At the small company, I could talk to anybody – no matter their position in the company. However, in terms of company news, we only heard about things through word of mouth. We weren’t kept up with company news formally.
In my job now we have weekly calls, company meetings, and so on to keep us up-to-date on company news and projects. Along with the outside events that everyone is invited to, they make you feel included.
At the small company, my manager was honest in that he expected me to stay in this role for two years and after that would encourage me to move up in my career, whether within or outside the company. They also encouraged me to start a qualification that isn’t relevant for my role but will help me in my career goals.
At the large company, I had to actively develop my career on my own. It was a very structured movement up the corporate ladder. It wasn’t possible to move to a different department – you knew exactly where you would go next.
The large company has been honest from the start about expecting me to only stay in my position for two years. After that they’ll expect me to move to a new department or role of my choice.
There is constant restructuring and people leaving, meaning there are a lot of opportunities. If you want, you can also travel with work.
They’re very different. In my old job, we only worked face-to-face with our team members. If I had to collaborate with someone in another team, it was an unspoken rule that I should call or email – even if they were a few desks away.
At the small company, I think the people are more driven by company goals and feel closer to their team and everyone else.
I would have to say there is more of a team environment at the large company. It offers a small office environment with the comforts of working for a large firm, which I enjoy. It’s a global firm that offers good benefits and job security, but our office is small enough that I know my colleagues well.
Making the decision to switch jobs, I had to consider that the small company doesn’t have high employee turnover. It was a rare opportunity but it also meant my career movement would be limited.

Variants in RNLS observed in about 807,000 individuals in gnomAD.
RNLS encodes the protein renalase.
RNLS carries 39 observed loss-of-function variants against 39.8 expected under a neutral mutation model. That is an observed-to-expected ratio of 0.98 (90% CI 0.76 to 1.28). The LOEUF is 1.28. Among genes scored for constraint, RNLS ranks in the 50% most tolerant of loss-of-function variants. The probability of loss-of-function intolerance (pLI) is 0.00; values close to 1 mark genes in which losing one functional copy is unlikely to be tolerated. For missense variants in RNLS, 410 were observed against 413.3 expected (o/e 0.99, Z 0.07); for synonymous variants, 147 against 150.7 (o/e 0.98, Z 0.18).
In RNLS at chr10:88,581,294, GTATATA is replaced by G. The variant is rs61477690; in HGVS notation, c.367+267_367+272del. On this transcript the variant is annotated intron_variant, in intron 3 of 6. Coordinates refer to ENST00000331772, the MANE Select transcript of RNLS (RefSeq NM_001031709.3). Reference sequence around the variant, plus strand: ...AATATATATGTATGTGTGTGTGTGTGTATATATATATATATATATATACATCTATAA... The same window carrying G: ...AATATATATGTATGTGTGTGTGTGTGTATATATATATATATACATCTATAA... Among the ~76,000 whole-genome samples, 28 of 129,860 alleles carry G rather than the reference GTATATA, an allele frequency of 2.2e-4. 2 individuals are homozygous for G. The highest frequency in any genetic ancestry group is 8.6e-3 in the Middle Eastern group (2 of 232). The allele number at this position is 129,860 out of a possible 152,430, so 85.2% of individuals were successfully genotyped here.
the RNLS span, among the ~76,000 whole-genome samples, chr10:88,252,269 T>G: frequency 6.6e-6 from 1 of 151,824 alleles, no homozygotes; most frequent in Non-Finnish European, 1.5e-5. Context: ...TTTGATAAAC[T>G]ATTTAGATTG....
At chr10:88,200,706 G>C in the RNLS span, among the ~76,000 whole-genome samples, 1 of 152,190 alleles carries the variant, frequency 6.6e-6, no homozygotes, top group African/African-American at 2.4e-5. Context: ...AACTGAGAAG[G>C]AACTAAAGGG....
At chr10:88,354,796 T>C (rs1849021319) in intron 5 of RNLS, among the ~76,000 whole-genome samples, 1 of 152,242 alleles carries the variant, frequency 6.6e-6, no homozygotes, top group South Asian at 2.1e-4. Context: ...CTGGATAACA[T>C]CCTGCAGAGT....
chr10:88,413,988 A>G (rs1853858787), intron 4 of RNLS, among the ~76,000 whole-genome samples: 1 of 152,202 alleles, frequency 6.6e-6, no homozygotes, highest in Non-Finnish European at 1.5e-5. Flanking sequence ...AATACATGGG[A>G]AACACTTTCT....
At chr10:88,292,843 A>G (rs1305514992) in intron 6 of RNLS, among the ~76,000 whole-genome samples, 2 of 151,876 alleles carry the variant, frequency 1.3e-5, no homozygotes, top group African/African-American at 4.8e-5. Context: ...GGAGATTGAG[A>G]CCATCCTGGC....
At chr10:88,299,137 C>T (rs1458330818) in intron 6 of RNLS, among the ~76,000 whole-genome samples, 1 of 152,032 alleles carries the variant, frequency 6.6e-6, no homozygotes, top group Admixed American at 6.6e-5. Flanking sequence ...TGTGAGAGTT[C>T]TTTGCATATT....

I put this aside because I agreed with the company values and policies and felt this was most important.
A challenge for me is the large number of products – they change weekly so you can never be an expert on them. Also, being on such small teams means that the smallest problem has a big impact. If one person didn’t pull their weight, then you had a lot of extra work to do.
Not from my experience, although I went from a very large to a very small company. I’m not sure what it’s like at a company in between the extremes.
Yes, but I would do my research beforehand. I would talk to people and figure out the company first. In my old job, I liked that I could get involved and get my hands dirty – and I was encouraged to do so. I also learned a lot in that job – my role was so varied that I learned more in one year than I did six years in a previous job with another large company.
However, I would never move just for money. I did that once and realised it was a big mistake. With my current job, I wanted security in my salary and job, but I also knew I liked the company and the people, since I had worked there before.
Emma’s and Aidan’s experiences demonstrate that the size of a company alone should not be the deciding factor when considering a new job. Both small and large companies can offer good benefits, a strong team environment, career development opportunities, and so on.
For example, while fast career progression may seem more prevalent in larger companies, varied work experience across multiple departments is common within small companies. Both provide essential experience and opportunities.
The takeaway from these interviews is it's the nature of the company itself that matters, not the size. It’s easy to get caught up in the excitement of a career move or a higher salary without taking company practices, policies and culture into consideration.
‘Size isn’t everything’, so the saying goes. But In the context of a prospective employer, it’s almost irrelevant.